Life is often metaphorically referred to as a race. Every individual begins with the green signal of birth and gradually moves towards the finishing line. Throughout this journey from birth to death, one factor that remains unaltered in everybody’s life is aging. As we transform from toddlers to adolescents, our boat of life is hit by various storms, one of the most conspicuous ones being puberty. Puberty creates a different impact on males and females. The most prominent manifestation of puberty among girls is the inception of the process of menstruation within them.
Menstruation is a phenomenon which everyone is well acquainted with. It is the regular discharge of blood from the inner lining of the uterus through the vagina. In spite of it being a natural bodily process, menstruation continues to prevail as one of the most stigmatized topics, especially in India. Let us envisage a world, where all the prestigious positions that women hold today, were occupied by men. Where women were incapable of blossoming to their full potential, because they were forced to drop out of school at a young and tender age. In most parts of the world this only remains as an imaginary world. However, in a country like India, ostracizing of menstruation still remains a resentful reality. Periods have been associated with ignominious terms like dirty, unclean and shameful for a very long time now. Even though we live in an evolved and developed society, which is supposedly free from prejudice, menstruation is still eyed as a woman’s business, which needs to be dealt with surreptitiously. Even today, in many Indian communities, women are zeroed to extradition when they are menstruating.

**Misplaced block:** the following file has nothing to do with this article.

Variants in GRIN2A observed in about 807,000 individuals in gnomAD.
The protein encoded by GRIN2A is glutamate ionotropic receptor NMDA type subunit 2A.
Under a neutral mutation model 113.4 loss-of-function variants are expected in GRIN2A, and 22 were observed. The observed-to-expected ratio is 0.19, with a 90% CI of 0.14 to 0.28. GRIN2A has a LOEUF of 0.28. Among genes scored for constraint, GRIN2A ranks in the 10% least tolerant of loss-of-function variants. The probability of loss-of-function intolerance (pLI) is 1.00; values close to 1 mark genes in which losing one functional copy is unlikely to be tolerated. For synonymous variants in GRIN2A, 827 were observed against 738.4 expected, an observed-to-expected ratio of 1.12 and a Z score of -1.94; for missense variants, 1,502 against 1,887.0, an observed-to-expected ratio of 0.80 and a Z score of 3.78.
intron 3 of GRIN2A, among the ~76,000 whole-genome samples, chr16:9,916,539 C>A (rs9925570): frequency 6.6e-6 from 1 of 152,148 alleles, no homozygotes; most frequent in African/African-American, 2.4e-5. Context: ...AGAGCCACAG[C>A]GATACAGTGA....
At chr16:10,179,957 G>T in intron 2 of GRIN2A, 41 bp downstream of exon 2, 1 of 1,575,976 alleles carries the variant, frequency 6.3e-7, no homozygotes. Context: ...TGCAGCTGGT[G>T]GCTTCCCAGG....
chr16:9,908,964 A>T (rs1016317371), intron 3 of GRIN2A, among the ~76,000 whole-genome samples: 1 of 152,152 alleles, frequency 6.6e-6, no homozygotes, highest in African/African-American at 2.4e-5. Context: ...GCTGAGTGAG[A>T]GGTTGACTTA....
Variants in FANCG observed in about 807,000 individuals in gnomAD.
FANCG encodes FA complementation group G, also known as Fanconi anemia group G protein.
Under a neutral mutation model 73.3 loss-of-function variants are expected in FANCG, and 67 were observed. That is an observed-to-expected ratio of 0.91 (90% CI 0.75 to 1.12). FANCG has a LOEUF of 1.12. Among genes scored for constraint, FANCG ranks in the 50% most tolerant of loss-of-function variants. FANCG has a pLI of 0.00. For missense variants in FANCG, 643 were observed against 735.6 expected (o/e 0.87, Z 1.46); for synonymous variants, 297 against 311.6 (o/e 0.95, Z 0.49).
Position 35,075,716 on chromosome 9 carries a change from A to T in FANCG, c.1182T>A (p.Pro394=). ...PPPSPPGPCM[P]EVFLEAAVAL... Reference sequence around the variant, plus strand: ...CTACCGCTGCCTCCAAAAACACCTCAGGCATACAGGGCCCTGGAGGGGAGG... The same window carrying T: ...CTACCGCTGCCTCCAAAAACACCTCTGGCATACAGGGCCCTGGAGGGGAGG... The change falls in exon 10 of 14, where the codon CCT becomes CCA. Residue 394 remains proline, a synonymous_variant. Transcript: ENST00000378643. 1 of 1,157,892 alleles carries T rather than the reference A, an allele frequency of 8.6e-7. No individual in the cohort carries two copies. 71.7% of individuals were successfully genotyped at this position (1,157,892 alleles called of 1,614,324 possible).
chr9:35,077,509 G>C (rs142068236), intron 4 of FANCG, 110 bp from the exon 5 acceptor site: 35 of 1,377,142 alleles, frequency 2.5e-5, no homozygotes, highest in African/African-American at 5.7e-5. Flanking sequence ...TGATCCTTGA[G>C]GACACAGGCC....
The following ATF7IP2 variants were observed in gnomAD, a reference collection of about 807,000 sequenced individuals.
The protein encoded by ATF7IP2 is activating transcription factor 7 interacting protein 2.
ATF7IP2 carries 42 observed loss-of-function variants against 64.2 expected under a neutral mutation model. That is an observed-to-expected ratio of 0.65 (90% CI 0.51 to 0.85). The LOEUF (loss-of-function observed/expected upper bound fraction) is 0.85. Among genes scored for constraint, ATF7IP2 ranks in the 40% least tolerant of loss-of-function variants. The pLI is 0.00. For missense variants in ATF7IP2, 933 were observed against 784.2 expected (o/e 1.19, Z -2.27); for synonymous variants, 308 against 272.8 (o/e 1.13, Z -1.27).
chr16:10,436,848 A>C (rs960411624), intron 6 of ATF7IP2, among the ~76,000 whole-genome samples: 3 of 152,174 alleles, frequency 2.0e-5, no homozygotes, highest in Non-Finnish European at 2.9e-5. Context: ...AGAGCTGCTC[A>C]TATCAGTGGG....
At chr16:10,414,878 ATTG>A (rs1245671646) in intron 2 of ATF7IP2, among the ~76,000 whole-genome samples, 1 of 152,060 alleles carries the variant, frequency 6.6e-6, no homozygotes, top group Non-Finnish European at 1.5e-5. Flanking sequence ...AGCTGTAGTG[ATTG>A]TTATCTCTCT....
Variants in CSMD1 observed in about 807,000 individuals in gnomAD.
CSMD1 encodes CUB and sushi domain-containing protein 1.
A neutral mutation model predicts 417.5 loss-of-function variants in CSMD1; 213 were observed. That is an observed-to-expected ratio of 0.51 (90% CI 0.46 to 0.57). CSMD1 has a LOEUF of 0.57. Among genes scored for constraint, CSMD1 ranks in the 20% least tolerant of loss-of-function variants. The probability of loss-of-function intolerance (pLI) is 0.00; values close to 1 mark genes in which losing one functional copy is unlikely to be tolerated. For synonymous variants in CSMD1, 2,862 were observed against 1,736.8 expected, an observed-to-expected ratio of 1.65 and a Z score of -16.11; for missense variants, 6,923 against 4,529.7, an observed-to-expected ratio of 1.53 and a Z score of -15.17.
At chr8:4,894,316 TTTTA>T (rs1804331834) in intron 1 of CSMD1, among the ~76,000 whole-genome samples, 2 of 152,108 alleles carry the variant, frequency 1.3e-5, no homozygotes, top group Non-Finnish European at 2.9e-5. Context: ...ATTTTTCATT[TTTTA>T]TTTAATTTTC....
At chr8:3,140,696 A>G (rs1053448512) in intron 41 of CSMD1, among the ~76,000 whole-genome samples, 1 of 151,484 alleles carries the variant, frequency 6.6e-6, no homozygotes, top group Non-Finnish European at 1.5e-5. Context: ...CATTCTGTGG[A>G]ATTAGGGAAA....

As a girl child in India, the battle to overcome all the evil barriers like child marriage, lack of sanitation, lack of opportunities, begins at a very sensitive age. If she is able to conquer these challenges and set foot in an educational institution, her embryonic future is put at stake due to the shame surrounding her period. Studies have divulged that one hundred and thirteen million adolescent girls in India are subject to the risk of a jeopardized future because of dropping out of school. Most of the girls in rural areas decide to withdraw themselves from the hands of education, owing to the discomfiture that they face during their periods. Inadequacy of sanitary napkins, noxious and contaminated washrooms and deficiency of awareness about menstrual hygiene are some of the most ascendant factors that contribute to a restricted educational background for girls living in rural areas. Moreover, the forbidden character of menstruation fails to elicit any confabulation about the significance of menstrual hygiene, be it at home or at school. In many cultures it is believed that while menstruating, a woman’s body absolves negativity. These absurd beliefs compel a woman not only to think of herself but also her body as inferior. The banishment of women due to their monthly cycle has been a major factor in perpetuating a feeling of low self-esteem within women and leaving them in a dilapidated and under confident state.
In order to combat the issue of stigmatization of menstruation and miserable conditions of menstrual hygiene, it is imperative to first create an awareness among the society. Education and a better understanding of the menstrual cycle is essential so as to recuperate the health conditions of women. Young girls need to have access to clean toilets, and sanitary napkins. It is also necessary to create dialogue about the steps to an uplifted menstrual health and comfort. It is of utmost importance that we do not look at menstruation as any kind of a taboo, impurity or inferiority. Rather, it should be normalized and considered merely an inextricable part of the female life cycle. Breaking the silence about an issue is a sensible way of liberating it from the evil claws of stigma, and conceiving conversations about it, is the primary route to discovering rational solutions to it.
We need to free ourselves from our prudish attitude of talking about menstruation. Only when young girls are empowered to pursue their dreams without the existing taboos and enabled to garner the education that they are entitled to without the existing puritanical beliefs, can we nurture them into women who possess the skill and power, to be the change they want to witness in society.
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